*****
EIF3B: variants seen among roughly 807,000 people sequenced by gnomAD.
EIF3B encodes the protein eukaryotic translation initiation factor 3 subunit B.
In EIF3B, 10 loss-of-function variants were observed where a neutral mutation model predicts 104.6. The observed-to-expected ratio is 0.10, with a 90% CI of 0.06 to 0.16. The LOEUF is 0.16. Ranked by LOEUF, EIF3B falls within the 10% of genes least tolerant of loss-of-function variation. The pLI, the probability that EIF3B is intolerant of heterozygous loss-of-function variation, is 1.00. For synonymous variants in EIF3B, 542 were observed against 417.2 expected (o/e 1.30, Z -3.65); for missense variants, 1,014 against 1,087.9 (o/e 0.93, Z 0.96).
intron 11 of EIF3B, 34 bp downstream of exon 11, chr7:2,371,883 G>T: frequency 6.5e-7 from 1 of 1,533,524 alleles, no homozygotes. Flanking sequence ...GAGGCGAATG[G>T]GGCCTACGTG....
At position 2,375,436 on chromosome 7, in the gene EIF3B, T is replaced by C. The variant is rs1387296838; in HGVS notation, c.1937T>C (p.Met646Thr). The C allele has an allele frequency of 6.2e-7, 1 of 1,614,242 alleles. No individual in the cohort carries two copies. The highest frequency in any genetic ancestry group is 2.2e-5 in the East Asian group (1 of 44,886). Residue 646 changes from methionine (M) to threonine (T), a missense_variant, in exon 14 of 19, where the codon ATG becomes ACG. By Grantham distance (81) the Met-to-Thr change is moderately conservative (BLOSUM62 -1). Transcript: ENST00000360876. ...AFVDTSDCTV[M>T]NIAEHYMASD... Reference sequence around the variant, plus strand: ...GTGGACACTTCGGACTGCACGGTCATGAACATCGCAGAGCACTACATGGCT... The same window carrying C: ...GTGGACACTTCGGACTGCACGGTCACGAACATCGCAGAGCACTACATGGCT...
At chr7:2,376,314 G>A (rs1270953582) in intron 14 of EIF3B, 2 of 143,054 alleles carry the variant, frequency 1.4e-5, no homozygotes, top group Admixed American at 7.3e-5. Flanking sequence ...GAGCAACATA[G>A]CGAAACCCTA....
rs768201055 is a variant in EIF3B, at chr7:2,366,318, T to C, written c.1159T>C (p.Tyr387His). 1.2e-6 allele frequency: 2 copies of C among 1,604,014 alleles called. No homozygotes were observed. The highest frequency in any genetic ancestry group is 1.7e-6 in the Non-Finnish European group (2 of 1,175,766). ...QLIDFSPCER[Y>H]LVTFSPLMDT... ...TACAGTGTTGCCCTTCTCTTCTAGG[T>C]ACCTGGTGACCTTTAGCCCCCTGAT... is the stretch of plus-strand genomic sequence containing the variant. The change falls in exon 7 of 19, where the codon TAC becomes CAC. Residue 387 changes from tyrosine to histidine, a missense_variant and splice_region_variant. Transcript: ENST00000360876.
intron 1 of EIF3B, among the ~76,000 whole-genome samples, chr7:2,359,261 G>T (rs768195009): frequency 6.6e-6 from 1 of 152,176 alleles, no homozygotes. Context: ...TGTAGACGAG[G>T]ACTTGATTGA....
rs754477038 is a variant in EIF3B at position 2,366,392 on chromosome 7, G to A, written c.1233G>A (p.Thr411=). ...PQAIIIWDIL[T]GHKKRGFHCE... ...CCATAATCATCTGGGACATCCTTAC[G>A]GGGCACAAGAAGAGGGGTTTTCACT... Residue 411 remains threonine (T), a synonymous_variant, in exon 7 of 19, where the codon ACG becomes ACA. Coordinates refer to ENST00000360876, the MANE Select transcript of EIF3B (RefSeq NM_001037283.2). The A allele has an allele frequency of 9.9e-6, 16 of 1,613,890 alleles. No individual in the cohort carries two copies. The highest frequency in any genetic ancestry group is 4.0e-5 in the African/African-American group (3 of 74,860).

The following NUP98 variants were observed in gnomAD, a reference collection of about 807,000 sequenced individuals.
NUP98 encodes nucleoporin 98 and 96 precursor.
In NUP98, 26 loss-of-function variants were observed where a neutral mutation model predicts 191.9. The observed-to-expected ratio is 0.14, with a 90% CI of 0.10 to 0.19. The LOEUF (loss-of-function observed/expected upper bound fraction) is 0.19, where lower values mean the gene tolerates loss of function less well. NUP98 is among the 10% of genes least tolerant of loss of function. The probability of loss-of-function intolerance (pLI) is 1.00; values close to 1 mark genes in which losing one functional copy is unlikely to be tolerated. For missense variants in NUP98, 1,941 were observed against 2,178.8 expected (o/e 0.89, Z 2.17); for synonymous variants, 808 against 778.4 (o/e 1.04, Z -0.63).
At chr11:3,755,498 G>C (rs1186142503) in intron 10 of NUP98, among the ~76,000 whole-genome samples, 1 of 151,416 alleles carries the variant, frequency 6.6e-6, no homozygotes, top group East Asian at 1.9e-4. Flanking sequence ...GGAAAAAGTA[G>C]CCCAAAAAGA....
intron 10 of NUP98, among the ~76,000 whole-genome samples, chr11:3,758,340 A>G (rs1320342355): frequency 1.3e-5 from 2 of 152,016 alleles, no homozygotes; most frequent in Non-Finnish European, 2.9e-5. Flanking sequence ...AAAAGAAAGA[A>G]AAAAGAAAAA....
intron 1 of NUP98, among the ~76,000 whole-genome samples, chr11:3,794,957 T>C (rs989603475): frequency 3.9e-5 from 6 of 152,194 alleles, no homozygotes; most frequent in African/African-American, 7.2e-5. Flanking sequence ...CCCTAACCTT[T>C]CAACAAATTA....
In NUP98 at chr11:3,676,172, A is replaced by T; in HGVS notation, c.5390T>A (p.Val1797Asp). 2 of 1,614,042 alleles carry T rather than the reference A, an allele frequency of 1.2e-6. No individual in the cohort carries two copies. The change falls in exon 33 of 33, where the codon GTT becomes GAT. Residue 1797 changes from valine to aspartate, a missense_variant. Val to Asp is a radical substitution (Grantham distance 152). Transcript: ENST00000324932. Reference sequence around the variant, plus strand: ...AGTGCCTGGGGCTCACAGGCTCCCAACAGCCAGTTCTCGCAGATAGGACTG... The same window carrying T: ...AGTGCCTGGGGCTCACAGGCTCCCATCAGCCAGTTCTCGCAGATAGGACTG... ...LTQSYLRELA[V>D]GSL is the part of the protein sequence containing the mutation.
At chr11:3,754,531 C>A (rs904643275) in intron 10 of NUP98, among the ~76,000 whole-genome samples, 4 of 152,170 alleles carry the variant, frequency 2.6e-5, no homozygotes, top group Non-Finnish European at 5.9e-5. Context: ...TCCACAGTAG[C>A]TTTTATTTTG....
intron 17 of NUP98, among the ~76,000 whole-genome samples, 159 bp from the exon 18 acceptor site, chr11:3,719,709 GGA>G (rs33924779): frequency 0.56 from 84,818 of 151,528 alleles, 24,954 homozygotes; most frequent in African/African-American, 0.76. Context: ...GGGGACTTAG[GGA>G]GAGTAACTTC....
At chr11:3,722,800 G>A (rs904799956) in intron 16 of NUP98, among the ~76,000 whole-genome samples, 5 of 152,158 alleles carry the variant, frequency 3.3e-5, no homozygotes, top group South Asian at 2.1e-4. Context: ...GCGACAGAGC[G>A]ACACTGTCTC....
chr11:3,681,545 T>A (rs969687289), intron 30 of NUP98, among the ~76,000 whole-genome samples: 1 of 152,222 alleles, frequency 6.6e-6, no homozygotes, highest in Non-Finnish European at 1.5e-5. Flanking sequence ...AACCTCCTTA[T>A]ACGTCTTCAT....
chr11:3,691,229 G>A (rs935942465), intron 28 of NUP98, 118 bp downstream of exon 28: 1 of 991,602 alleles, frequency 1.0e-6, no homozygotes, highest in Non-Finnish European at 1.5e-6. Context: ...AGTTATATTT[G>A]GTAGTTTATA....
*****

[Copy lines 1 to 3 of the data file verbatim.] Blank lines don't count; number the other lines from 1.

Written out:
EIF3B: variants seen among roughly 807,000 people sequenced by gnomAD.
EIF3B encodes the protein eukaryotic translation initiation factor 3 subunit B.
In EIF3B, 10 loss-of-function variants were observed where a neutral mutation model predicts 104.6. The observed-to-expected ratio is 0.10, with a 90% CI of 0.06 to 0.16. The LOEUF is 0.16. Ranked by LOEUF, EIF3B falls within the 10% of genes least tolerant of loss-of-function variation. The pLI, the probability that EIF3B is intolerant of heterozygous loss-of-function variation, is 1.00. For synonymous variants in EIF3B, 542 were observed against 417.2 expected (o/e 1.30, Z -3.65); for missense variants, 1,014 against 1,087.9 (o/e 0.93, Z 0.96).